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Assistant in the Expansion of the Fish Bone Collection
About the placement/internship

Why did you decide to do a placement/internship?

I wanted to get more hands on experience with archaeological remains and to specialise in a very niche area of zooarchaeology, which this placement has helped me to do.

How did you find your placement/internship?

Department email

Application process

I emailed a cover letter and CV to the line manager for the placement (who is also the head of the archaeology department): I was invited to interview in which I was both asked questions and given a practical task to complete.

Main responsibilities

Creating a storage medium for archaeological fish remains; identifying anatomical elements of fish remains; selecting which anatomical elements will be put into the storage medium; preparing the remains for storage and putting them in place.

Typical day

In the earlier hours of the placement I prepared the storage drawers with foam and appropriate labels, so a typical day involves working through around 6 fish specimens, ensuring that all the labels are correct (the context number must kept clear at all times). I sort through the remains and identify the anatomical elements chosen for the storage drawers, then number the element and place it in the drawer.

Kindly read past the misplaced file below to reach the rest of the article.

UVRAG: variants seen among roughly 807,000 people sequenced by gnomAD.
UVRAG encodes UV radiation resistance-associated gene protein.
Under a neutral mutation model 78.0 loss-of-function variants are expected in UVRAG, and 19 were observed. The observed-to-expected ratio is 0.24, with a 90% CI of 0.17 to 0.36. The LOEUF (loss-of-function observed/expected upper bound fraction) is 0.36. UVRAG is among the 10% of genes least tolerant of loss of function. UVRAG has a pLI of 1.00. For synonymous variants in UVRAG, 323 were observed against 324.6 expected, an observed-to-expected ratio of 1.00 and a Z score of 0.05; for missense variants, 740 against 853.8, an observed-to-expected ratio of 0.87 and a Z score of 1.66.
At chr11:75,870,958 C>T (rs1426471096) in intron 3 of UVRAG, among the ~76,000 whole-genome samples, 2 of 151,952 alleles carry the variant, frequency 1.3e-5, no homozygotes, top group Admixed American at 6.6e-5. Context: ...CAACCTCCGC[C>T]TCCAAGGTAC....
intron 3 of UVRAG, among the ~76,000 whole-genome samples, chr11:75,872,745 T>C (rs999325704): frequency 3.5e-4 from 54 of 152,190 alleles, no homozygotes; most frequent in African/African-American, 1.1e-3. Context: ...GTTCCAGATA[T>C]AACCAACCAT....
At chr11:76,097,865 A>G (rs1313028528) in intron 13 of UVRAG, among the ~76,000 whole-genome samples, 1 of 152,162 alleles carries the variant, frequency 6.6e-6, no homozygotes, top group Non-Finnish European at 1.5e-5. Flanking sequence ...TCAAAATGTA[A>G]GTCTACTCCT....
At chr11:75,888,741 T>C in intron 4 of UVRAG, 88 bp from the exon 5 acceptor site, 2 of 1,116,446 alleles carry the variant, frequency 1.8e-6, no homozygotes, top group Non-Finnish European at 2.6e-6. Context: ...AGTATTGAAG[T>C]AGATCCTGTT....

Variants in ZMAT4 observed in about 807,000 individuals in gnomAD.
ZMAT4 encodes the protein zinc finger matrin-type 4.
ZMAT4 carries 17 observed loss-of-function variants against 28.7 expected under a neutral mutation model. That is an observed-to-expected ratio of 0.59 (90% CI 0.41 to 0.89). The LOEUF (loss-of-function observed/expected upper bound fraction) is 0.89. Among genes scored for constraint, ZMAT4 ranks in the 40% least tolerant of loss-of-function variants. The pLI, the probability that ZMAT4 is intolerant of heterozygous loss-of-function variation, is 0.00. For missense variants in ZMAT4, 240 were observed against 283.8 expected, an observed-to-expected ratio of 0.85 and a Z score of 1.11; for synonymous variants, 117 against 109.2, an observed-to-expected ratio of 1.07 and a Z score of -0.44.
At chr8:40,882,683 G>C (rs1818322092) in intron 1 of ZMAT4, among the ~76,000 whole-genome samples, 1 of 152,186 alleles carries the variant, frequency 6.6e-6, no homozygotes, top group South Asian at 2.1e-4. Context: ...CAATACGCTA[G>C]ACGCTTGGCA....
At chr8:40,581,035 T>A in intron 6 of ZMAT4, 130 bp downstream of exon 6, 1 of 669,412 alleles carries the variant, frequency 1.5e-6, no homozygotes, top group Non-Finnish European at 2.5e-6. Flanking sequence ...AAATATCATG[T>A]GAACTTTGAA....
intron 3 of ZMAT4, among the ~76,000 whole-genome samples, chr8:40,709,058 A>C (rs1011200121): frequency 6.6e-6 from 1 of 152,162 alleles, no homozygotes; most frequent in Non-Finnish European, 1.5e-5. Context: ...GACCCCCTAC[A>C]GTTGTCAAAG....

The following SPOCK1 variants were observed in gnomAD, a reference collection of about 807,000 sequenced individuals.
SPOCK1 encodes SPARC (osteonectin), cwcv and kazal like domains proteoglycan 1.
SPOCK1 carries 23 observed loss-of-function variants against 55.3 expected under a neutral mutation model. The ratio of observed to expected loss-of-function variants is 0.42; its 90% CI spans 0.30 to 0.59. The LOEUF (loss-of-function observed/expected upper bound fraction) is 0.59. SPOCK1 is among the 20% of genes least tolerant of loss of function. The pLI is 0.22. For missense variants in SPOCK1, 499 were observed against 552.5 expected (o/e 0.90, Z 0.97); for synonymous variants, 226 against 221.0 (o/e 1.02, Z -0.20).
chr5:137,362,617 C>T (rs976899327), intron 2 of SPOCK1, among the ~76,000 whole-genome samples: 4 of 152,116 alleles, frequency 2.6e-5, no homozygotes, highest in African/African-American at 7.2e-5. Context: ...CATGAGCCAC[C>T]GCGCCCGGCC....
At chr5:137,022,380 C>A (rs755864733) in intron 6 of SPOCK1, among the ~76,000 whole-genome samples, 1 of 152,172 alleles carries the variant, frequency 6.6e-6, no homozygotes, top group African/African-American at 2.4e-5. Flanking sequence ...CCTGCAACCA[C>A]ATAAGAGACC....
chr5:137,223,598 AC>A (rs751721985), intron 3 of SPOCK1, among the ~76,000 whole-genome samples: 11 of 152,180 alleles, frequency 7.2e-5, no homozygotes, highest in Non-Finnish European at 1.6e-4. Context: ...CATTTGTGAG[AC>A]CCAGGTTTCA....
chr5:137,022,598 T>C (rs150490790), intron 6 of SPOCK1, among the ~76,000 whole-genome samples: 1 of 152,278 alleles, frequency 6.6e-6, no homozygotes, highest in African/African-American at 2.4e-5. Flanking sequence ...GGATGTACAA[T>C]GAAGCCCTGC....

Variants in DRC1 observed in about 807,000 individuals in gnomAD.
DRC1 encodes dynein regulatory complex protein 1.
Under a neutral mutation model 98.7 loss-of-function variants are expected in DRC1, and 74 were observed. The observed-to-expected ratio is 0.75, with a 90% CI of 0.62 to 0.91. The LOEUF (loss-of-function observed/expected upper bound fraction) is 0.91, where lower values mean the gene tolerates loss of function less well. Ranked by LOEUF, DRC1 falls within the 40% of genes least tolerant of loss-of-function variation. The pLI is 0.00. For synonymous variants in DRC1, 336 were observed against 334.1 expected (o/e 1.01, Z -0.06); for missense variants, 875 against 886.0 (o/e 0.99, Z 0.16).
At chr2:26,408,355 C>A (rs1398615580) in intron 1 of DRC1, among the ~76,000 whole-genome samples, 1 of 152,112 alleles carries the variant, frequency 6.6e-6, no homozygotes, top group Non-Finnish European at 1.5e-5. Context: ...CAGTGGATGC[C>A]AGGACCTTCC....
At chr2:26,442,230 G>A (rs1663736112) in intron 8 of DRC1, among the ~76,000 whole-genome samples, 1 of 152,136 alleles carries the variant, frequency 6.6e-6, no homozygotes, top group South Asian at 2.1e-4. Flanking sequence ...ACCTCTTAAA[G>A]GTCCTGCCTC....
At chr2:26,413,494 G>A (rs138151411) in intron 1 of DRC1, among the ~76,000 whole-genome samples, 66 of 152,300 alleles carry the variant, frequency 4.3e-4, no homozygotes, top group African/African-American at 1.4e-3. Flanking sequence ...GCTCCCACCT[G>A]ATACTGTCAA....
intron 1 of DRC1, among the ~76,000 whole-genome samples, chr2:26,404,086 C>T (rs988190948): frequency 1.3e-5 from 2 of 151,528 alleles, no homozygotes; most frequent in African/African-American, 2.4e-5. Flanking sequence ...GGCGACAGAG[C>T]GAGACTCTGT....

What did I enjoy about my placement/internship?

I enjoyed working with the PhD fish specialist, Angela, and the other zooarchaeology students, and learning about an often underappreciated area of zooarchaeology (fish!).

Challenging aspects

The archaeological specimens are frequently not complete or damaged (meaning you can search and search for the anatomical element you need and never find it!), and the remains can be very small, necessitating the use of a microscope to prevent eye-strain. I am unused to using microscopes and found it harder than I anticipated. Identifying anatomical elements is also not as easy as it seems as each fish is different and the elements can look very different between species - this is particularly frustrating as you basically have to start from scratch with each fish.

Did you use any skills learned from your course?

The Advanced Zooarchaeology module (compulsory for Osteoarchaeology students) has taught me how to adapt and succeed in identifying animal remains and taught a brief introduction to fish remains later in the term which was useful at the beginning of the placement.

Has your time on placement influenced your future career choice?

Yes: it has made me realise that, whilst I do not wish to work solely with fish remains, I am capable of working confidently with animal remains and has broadened my career options.

Advice to students

Other comments

This has been a really useful placement and will undoubtedly really help me in future job applications.

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Form completed: 03 Jul 2018

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